Leadership Secrets for the Rest of Us

I had lunch the other day with my friend, Ty Kiisel. Ty is one of the best marketing minds around. He and I get together every so often to talk shop, which is to say we compare notes and experiences. We typically talk management strategies, marketing best practices and case studies.

As we spoke about management, the successes and failures we see around us, and the principles that underpin these examples, he introduced me to Dick Cross. Dick is a turnaround pro based in Boston, who has written a couple of books (also see this Forbes article on 9 Crippling Mistakes CEOs Make).

Cross is focused primarily on the attributes that make or break a great CEO. Neither Ty nor I are currently operating in the role of a CEO, so I was interested in how these ideas might apply to managers of smaller departments and teams. I’ve been fortunate to work with some great CEOs, here are some highlight topics from the article: Ignoring the Importance of Company Culture, Being too Afraid, and You are Too Smart to Learn from Anyone Else. I think these are easy to apply to the various leadership roles downstream from the CEO.


I’m a big fan of creating culture. As Brian Chesky, CEO of Airbnb suggests in his latest post on Medium (profanity warning), culture creates productivity and efficiency. Polysyllabic words that mean, it helps you get more of the right stuff done. The culture communicates values intuitively, and so it becomes subliminal training for your employees. Done right, your culture allows people to act autonomously and still be in harmony with the goals and mission of the company. How cool is that? No instructions. No meetings. No detailed project management process. Just people who get it and move the company forward on their own. That’s the power of culture. I can’t resist pulling this excerpt from the Brian Chesky article above:

The stronger the culture, the less corporate process a company needs. When the culture is strong, you can trust everyone to do the right thing. People can be independent and autonomous. They can be entrepreneurial. And if we have a company that is entrepreneurial in spirit, we will be able to take our next “(wo)man on the moon” leap. Ever notice how families or tribes don’t require much process? That is because there is such a strong trust and culture that it supersedes any process. In organizations (or even in a society) where culture is weak, you need an abundance of heavy, precise rules and processes.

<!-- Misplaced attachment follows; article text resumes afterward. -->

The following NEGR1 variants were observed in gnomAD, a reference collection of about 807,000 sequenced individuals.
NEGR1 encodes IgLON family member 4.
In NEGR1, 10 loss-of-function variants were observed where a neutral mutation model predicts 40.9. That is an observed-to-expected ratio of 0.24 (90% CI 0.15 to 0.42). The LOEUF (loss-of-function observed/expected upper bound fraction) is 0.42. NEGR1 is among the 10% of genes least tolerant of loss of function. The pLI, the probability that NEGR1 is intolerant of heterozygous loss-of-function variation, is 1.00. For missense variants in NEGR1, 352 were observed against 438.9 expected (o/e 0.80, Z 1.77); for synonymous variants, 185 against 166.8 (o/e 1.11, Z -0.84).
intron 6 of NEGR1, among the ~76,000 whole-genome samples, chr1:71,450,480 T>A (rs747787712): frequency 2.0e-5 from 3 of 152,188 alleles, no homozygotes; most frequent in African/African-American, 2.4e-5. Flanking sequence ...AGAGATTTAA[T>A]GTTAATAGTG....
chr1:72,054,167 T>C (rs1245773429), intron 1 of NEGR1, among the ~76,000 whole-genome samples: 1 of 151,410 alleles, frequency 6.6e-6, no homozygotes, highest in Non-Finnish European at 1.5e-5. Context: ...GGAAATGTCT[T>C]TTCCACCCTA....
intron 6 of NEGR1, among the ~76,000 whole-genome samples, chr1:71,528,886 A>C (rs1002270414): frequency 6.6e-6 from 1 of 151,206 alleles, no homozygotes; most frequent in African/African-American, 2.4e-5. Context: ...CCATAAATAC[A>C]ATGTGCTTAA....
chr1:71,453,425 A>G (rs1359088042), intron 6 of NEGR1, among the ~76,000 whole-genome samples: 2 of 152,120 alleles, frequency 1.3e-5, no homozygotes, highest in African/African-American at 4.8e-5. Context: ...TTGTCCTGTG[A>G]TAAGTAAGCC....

Lesson: command-and-control, micromanaging, and dictatorial-style leadership are anachronisms left over from a previous generation and NOT the most efficient or effective methods for motivating people to use their initiative and ingenuity to make good decisions.


How about being afraid?Ty told me that during one of their interviews, the comment was made that many CEOs are unnecessarily afraid that they will be “found out.” That someone will realize that the emperor has no clothes. That people around them will discover that they don’t know everything about everything. As a result of that fear, they can be prone to do wacky and ultimately ineffective things trying to prove to everyone that they know it all. This undermines their effectiveness.

A colleague, Steve Fulling recently shared this article with me entitled The Trap You Set For Yourself. It makes the case that fear is crippling. You can’t be effective in creating value for your company and the people around you, if your actions are motivated by fear. If you want to be happy and authentic, you must act on what you think is right without fear.


Among the attributes of great leaders as represented by Cross and others (think Good to Great by Jim Collins) are humility, channeling ego away from themselves, building up others, etc. A reason Cross’s book works, is because leaders need great lieutenants more than they need to be great at everything themselves. Even a modest-sized company is too big for one person to have all the skills and specialization needed to operate every necessary function within it. Great leaders provide vision, then let their operators execute. They are concerned with the success of the enterprise above that of themselves. It’s an altruism that in the end raises them.

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